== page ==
The number one problem parents and caregivers face when trying to install a car seat is fighting the seat buckles and finding the safety latches. It can be a beat down and often times, the car seat ends up being incorrectly installed. When they can, parents will often install a car seat in each auto just so they don’t have to endure the installation process.

A new study reveals what many parents already know; many of the problems stem from the vehicle design. According to a new study by The Insurance Institute for Highway Safety, a nonprofit group financed by the insurance industry, many vehicle rear seat designs makes attaching a car seat very difficult.

“This is a long standing problem, and we think it’s time to fix it,” said Anne McCartt, senior vice president for research and one of the report’s authors, noting that installing a car seat is frequently not as simple as people may think

The study found that belt buckles or other seat hardware often got in the way of the connectors for car seats, or the connectors are buried so far in the seat, that they were often difficult to locate.

Another issue noted in a previous study was the “tether” that is designed to secure the top part of the forward-facing car seat in the event of a crash. Tethers are intended to help prevent child restraints from moving too far forward during crashes, which put children at risk of head or neck injuries

Using a tether “is essential,” said McCartt. Many parents do not understand how important it is, and may not think about using the tether when they move their child from a rear facing restraints to a forward one, she said. Seatbelts can also be used instead of a tether, but it is critical that they be in lock mode, so the belt is not freely moving, experts say.  

In 2003, a federal regulation went into effect that was designed to correct the attachment hardware difficulty. It’s called LATCH, which stands for Lower Anchors and Tethers for Children. But nearly a decade later, less than a quarter of the models surveyed had accomplished this, as many automakers are not paying attention to the key factors that make LATCH work, the report found.

During the research, conducted in conjunction with the University of Michigan Transportation Research Institute, LATCH hardware and rear seat designs were scrutinized in a range of passenger vehicles that were marketed to families. But only 21 of the 98 top-selling 2010-11 model vehicles evaluated were found to have LATCH designs that are easy to use.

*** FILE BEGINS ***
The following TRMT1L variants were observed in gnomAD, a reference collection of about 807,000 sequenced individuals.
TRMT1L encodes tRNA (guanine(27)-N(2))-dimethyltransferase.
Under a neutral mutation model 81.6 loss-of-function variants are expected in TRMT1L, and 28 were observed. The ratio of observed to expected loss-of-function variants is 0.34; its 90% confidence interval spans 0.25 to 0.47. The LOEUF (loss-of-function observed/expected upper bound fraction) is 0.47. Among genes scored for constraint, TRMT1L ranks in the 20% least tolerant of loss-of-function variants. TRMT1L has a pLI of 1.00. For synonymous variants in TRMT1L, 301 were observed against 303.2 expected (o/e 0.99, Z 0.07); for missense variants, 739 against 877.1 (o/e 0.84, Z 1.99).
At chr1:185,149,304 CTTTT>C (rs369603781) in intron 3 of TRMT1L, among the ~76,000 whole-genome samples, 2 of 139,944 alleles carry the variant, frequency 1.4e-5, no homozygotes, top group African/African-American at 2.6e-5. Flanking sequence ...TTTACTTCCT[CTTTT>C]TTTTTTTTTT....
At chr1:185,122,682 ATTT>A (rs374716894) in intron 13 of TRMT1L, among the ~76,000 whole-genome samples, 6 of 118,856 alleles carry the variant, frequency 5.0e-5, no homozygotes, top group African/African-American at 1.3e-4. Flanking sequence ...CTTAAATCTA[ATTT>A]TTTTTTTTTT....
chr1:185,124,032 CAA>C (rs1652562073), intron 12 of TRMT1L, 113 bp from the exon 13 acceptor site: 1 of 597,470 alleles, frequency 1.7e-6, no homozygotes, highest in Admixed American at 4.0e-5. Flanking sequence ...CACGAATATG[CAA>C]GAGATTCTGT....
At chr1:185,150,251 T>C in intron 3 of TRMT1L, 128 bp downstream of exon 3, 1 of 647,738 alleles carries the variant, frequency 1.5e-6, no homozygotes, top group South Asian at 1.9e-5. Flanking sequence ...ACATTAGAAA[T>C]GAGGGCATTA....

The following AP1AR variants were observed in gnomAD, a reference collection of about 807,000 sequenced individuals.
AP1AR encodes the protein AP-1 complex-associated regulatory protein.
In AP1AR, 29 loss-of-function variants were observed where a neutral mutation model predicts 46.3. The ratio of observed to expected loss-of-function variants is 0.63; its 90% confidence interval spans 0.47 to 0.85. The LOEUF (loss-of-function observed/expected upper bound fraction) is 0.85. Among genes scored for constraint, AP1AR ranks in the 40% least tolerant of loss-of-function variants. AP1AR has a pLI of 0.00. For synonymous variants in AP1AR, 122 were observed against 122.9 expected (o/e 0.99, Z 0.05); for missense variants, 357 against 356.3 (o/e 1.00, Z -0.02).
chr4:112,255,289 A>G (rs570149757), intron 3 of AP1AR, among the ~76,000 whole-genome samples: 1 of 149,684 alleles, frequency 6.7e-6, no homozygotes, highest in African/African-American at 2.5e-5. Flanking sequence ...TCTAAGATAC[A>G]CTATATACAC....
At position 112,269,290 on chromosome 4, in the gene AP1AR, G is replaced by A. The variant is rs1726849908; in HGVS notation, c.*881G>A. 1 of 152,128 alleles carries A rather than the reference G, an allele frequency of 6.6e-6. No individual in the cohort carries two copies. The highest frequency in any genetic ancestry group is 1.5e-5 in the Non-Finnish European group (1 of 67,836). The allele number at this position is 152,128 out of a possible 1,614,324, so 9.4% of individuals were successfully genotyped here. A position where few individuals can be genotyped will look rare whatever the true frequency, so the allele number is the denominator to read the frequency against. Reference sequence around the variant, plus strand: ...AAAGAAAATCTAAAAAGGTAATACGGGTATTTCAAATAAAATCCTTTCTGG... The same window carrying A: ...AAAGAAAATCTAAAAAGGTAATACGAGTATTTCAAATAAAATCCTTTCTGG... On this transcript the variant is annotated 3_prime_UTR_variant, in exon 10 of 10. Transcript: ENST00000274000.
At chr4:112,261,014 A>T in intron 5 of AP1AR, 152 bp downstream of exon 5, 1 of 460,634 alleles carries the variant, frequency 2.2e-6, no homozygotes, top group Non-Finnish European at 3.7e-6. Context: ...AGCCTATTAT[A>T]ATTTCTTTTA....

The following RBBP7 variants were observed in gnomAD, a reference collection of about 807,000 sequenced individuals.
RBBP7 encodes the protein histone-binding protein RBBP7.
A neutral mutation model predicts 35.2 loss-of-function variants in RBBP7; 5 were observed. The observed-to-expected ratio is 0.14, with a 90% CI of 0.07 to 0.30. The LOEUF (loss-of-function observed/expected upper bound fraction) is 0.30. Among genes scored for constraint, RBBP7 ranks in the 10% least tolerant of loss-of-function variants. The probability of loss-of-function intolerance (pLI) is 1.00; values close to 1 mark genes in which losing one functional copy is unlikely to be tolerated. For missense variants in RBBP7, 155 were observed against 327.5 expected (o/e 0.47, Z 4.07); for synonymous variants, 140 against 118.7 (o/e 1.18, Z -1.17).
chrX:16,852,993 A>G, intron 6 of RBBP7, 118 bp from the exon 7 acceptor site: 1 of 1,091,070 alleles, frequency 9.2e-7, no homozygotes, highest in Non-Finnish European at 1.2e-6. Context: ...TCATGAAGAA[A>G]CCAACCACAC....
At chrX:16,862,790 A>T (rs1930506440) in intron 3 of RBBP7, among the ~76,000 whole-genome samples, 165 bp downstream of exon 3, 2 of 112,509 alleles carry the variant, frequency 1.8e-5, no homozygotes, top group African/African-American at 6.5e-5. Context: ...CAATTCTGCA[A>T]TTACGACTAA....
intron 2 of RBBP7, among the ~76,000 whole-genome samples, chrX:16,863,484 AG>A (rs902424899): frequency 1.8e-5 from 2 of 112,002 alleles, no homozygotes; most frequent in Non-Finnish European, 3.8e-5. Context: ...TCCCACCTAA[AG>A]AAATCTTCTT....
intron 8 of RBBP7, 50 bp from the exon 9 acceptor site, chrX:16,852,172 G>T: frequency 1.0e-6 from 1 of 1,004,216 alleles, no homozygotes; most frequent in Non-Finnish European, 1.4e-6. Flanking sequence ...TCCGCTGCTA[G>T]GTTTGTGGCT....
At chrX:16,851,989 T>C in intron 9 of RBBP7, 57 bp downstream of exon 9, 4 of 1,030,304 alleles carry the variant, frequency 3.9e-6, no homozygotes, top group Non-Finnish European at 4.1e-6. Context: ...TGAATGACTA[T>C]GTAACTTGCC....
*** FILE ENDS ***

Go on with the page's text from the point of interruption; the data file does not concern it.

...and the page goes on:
Researchers identified three factors associated with correct lower anchor use: depth, clearance and force.

- Depth: Lower anchors should be located no more than 3/4 inch deep in the seat bight and should be easy to see.

- Clearance: Nothing should obstruct access to the anchors. Safety belt buckles and other hardware plus the foam, cloth or leather material of the seats themselves shouldn't get in the way of attaching child seat connectors. There should be enough room around the anchors to approach them at an angle, as well as straight-on. This makes it easier to hook or snap on connectors and also tighten LATCH straps. In the study, a clearance angle of at least 54 degrees was associated with easier installation.

- Force: Parents should be able to install child restraints using less than 40 pounds of force. Some systems require lots of effort to properly attach child seat hardware with lower anchors, in part because they are deep in the seat bight or surrounded by interfering parts of the vehicle seat.

All three factors are related and are good predictors of how well people are able to correctly install child restraints. Vehicles meeting the criteria were 19 times as likely to have lower anchors used correctly by the volunteers compared with vehicles that don't meet any of the criteria.

"These are things that automakers can do to improve child restraint installations, and most of them aren't hard," McCartt says. "Lower anchors can be designed so they are easy to use."

The Insurance Institute for Highway Safety’s website (www.iihs.org) lists the 2011 models that met all 3 easy –installation criteria. They are:

- Audi A4 Quattro

- Cadillac Escalade

- Chevrolet Equinox LT

- Chevrolet Silverado 1500 crew cab

- Chevrolet Suburban LT

- Chevrolet Tahoe LS

- Chrysler Town & Country (2010)

- Dodge Caliber Mainstreet

- Dodge Grand Caravan Crew

- Dodge Ram 1500 crew cab

- Ford Escape XLT

- Ford F-150 SuperCrew Cab

- GMC Sierra 1500 crew cab SLE

- Honda Pilot EX-L

- Kia Sedona LX

- Land Rover Range Rover Sport

- Mercedes-Benz C300

- Mercedes-Benz E350

- Mitsubishi Eclipse coupe GS

- Mitsubishi Lancer ES

- Toyota Tacoma extended cab

The 2011 models that did not meet any easy-installation criteria are:

- Buick Enclave CX

- Chevrolet Impala LT

- Dodge Avenger Express

- Ford Flex SEL

- Ford Taurus Limited

- Hyundai Sonata Limited

- Toyota Sienna XLE

Parents and caregivers want to do the right thing to protect their child when they are in the car. Let's hope auto manufacturers get the message and start doing what they are supposed to do to help protect our children as well. 

Sources: http://www.iihs.org/news/rss/pr041212.html

http://moms.today.msnbc.msn.com/_news/2012/04/12/11147183-forget-parent-error-car-designs-make-seats-hard-to-install?lite